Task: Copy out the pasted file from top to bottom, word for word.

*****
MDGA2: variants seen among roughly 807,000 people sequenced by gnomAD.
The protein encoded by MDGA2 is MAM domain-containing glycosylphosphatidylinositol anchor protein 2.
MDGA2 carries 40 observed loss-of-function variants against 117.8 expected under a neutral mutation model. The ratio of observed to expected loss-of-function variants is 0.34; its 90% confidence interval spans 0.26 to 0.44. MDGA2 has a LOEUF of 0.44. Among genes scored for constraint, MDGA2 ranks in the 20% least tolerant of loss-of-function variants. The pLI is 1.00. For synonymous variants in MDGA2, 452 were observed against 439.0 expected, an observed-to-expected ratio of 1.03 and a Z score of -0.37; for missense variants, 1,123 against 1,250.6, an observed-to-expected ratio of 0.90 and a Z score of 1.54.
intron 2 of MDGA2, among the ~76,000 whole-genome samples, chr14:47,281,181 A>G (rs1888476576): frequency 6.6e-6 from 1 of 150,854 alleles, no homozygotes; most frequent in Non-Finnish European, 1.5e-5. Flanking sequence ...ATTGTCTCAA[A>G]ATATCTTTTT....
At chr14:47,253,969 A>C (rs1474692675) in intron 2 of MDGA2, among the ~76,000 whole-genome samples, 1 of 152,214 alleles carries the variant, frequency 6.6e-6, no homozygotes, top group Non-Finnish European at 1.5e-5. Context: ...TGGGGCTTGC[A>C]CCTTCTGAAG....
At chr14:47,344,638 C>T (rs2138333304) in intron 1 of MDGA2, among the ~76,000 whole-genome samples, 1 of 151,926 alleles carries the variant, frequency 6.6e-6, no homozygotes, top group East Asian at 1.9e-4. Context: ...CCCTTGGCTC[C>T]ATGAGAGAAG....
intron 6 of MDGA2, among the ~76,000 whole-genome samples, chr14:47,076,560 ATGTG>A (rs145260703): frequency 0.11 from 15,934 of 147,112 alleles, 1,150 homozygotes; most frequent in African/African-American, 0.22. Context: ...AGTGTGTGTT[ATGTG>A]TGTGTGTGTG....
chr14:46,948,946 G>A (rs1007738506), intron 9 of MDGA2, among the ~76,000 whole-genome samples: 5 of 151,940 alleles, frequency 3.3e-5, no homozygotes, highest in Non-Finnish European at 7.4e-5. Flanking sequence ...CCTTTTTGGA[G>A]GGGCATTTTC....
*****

MDGA2: variants seen among roughly 807,000 people sequenced by gnomAD.
The protein encoded by MDGA2 is MAM domain-containing glycosylphosphatidylinositol anchor protein 2.
MDGA2 carries 40 observed loss-of-function variants against 117.8 expected under a neutral mutation model. The ratio of observed to expected loss-of-function variants is 0.34; its 90% confidence interval spans 0.26 to 0.44. MDGA2 has a LOEUF of 0.44. Among genes scored for constraint, MDGA2 ranks in the 20% least tolerant of loss-of-function variants. The pLI is 1.00. For synonymous variants in MDGA2, 452 were observed against 439.0 expected, an observed-to-expected ratio of 1.03 and a Z score of -0.37; for missense variants, 1,123 against 1,250.6, an observed-to-expected ratio of 0.90 and a Z score of 1.54.
intron 2 of MDGA2, among the ~76,000 whole-genome samples, chr14:47,281,181 A>G (rs1888476576): frequency 6.6e-6 from 1 of 150,854 alleles, no homozygotes; most frequent in Non-Finnish European, 1.5e-5. Flanking sequence ...ATTGTCTCAA[A>G]ATATCTTTTT....
At chr14:47,253,969 A>C (rs1474692675) in intron 2 of MDGA2, among the ~76,000 whole-genome samples, 1 of 152,214 alleles carries the variant, frequency 6.6e-6, no homozygotes, top group Non-Finnish European at 1.5e-5. Context: ...TGGGGCTTGC[A>C]CCTTCTGAAG....
At chr14:47,344,638 C>T (rs2138333304) in intron 1 of MDGA2, among the ~76,000 whole-genome samples, 1 of 151,926 alleles carries the variant, frequency 6.6e-6, no homozygotes, top group East Asian at 1.9e-4. Context: ...CCCTTGGCTC[C>T]ATGAGAGAAG....
intron 6 of MDGA2, among the ~76,000 whole-genome samples, chr14:47,076,560 ATGTG>A (rs145260703): frequency 0.11 from 15,934 of 147,112 alleles, 1,150 homozygotes; most frequent in African/African-American, 0.22. Context: ...AGTGTGTGTT[ATGTG>A]TGTGTGTGTG....
chr14:46,948,946 G>A (rs1007738506), intron 9 of MDGA2, among the ~76,000 whole-genome samples: 5 of 151,940 alleles, frequency 3.3e-5, no homozygotes, highest in Non-Finnish European at 7.4e-5. Flanking sequence ...CCTTTTTGGA[G>A]GGGCATTTTC....